Technology's disruption of financial services continues to thrive in the wake of the COVID-19 pandemic. We think the crisis has made the digitisation of financial services even more relevant, forcing consumers to embrace technologies like mobile wallets, branchless banking and other ‘do-it-yourself' services. In addition, we believe many fintech investments are now available at historically attractive valuations.
Importantly, we think fintech presents a multi-decade opportunity. This shift is still in its early stages, with innovations in data analytics, cloud computing, artificial intelligence and machine learning just beginning to transform the sector. We estimate that companies with a combined market cap of US$8 trillion in the banking sector and US$16 trillion in broader financial services are set to be disrupted.1
A long-term, pure-play approach to fintech's complexity
In our view, this vast opportunity set is best accessed through a pure-play strategy. We focus on firms with at least 80% of revenues driven by fintech sources - a universe of approximately 150 companies. Furthermore, we believe the enduring nature of the fintech story is best served by a low turnover approach with a similarly long-term view. We think the pace of disruption will be moderated by the inertia of consumer financial behaviour, strong incumbents and complex markets and regulations. In our view, this complexity also demands a breadth of investor expertise across the financial services and technology sectors. We leverage deep research resources in both industries to navigate fintech's key growth areas.
Secular trends: Payments, digitisation and tech infrastructure
The world economy continues to enjoy a long runway on its steady transition from cash to digital payments, as 75% of global transactions still take place in cash.2 The rise of e-commerce has been a driving force behind the adoption of digital payments by consumers. We believe digitisation has the potential to drive further opportunities in software-enabled payments and other verticals like peer-to-peer, government-to-consumer and business-to-business payments, which are still ripe for disruption.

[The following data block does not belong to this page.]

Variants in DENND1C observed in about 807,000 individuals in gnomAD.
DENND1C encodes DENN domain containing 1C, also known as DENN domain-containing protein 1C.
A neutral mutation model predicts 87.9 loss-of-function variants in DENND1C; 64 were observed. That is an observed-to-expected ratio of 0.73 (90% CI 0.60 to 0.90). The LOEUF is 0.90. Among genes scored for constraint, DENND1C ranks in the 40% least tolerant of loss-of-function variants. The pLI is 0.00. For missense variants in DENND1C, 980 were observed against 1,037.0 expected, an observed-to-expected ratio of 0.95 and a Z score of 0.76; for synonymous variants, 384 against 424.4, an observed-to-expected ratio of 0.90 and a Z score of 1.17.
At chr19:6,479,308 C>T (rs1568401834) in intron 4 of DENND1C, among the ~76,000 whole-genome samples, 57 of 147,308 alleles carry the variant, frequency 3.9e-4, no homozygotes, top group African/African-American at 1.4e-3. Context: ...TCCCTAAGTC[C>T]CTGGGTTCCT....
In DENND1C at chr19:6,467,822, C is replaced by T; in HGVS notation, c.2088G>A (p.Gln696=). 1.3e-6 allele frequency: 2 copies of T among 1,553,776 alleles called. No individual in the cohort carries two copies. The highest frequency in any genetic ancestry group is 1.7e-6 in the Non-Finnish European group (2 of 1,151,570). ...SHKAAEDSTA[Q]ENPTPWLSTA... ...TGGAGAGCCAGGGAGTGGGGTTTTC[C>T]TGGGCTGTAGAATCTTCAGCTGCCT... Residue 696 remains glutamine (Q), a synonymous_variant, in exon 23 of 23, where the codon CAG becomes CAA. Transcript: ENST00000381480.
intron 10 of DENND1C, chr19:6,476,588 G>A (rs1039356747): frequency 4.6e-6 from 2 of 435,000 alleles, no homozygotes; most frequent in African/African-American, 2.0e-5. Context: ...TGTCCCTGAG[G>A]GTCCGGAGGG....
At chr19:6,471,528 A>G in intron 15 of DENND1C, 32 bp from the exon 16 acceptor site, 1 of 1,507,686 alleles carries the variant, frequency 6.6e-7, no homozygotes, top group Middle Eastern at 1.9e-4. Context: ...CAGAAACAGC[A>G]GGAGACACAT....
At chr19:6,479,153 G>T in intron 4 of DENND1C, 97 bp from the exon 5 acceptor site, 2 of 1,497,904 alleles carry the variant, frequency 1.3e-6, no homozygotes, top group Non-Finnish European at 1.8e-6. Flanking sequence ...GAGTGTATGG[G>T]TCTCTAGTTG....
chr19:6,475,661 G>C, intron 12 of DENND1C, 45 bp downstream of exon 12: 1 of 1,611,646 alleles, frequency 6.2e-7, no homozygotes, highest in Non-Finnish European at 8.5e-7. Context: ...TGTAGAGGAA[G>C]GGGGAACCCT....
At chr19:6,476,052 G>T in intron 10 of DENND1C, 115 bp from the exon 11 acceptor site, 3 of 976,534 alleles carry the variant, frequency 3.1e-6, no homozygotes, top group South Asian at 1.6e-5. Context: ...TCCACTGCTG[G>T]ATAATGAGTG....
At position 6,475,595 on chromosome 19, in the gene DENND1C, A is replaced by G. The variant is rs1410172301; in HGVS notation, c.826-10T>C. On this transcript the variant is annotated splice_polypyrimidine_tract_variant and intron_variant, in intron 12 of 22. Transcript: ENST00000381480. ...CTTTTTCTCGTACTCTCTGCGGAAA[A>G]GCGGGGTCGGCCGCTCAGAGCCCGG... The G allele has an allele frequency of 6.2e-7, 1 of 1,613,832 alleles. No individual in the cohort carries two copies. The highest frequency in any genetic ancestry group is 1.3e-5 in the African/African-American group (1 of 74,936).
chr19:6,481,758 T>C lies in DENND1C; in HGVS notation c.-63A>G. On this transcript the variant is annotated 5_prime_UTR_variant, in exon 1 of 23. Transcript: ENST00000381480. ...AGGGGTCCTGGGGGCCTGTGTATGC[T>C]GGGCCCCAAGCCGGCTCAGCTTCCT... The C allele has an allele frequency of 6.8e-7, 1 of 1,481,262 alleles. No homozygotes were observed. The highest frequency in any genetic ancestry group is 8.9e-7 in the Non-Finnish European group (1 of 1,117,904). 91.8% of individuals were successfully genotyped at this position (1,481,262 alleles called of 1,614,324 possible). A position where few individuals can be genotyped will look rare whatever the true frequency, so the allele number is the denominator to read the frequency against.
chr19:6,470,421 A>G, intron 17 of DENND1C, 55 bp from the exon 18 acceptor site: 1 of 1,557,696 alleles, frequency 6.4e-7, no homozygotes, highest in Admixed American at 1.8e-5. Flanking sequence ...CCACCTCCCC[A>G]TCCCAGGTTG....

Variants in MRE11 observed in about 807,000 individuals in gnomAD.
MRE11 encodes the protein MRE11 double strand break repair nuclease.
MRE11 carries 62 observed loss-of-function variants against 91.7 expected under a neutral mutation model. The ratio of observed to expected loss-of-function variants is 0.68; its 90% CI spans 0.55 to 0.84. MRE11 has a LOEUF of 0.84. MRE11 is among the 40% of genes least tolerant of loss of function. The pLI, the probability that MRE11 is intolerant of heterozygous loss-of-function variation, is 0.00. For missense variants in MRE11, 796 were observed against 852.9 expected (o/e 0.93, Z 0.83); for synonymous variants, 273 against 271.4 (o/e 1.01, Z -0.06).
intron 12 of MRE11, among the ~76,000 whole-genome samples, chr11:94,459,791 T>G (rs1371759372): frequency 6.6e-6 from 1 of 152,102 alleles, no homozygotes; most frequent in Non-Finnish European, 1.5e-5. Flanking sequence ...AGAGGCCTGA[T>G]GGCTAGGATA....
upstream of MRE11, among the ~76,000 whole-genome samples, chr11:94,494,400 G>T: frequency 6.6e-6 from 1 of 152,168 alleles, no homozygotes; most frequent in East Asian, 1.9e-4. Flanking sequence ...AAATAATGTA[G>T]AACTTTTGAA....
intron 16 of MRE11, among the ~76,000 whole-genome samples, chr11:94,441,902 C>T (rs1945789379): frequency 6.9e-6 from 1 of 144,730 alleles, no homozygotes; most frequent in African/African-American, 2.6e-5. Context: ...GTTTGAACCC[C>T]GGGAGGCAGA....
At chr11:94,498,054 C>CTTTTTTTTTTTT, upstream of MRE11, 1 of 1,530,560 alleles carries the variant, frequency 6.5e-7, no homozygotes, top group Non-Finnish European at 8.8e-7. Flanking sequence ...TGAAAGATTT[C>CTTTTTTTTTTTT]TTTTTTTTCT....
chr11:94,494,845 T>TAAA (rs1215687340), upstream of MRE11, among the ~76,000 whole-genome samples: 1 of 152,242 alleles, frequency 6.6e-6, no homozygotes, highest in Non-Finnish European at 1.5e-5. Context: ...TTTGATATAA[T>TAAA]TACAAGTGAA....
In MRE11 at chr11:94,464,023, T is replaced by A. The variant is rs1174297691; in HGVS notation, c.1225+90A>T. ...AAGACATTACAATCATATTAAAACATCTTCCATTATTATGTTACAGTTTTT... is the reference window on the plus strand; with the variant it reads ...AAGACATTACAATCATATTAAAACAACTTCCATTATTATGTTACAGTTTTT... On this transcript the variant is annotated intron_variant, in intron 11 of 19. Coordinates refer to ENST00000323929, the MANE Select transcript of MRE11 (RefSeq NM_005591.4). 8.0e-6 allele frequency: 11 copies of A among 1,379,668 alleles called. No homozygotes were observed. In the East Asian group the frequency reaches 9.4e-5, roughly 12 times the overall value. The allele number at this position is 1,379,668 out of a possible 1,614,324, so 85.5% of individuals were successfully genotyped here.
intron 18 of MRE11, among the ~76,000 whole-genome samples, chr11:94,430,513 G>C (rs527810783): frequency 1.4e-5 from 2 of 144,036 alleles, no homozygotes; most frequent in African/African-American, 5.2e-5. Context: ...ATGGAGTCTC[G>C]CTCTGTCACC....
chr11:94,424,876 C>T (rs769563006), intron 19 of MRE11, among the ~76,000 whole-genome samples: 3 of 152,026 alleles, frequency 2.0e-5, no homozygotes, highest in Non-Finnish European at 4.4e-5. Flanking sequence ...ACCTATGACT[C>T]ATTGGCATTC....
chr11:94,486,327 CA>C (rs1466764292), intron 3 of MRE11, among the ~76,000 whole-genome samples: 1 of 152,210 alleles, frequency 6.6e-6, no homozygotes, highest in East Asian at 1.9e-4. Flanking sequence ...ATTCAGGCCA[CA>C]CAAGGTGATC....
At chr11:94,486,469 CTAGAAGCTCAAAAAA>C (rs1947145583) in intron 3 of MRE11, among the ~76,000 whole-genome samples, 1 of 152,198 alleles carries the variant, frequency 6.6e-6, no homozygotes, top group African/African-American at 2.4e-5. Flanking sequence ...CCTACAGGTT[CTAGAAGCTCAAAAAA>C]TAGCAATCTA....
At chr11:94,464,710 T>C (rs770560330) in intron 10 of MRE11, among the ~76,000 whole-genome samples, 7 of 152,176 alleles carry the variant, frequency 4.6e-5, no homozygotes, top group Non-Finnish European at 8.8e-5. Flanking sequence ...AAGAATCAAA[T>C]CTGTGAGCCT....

We think the digital transformation of processes that used to be done manually offers another rapidly expanding opportunity set in financial services. Along with fintech's potential to make these processes cheaper and more efficient, it can also help to provide financial services solutions for new markets and underserved populations, including the roughly two billion adults worldwide without access to a bank account.
Finally, most banks' IT systems were built in the 1980s and are long overdue for improvements. We believe this space has reached an inflection point as banks turn from defensive regulatory spending to offensive investment in growth, offering new opportunities for fintech firms as banks begin to upgrade systems and adopt cloud offerings.
We believe the current crisis has strengthened the case for technology's disruption of financial services. In our view, fintech continues to offer a massive, long-term growth story fuelled by enduring secular trends.
For more information visit https://www.wellingtonfunds.com/gb/en/intermediary/investment-ideas/fintech-investing/
1,2Wellington Management combined estimates, 31 December 2019.
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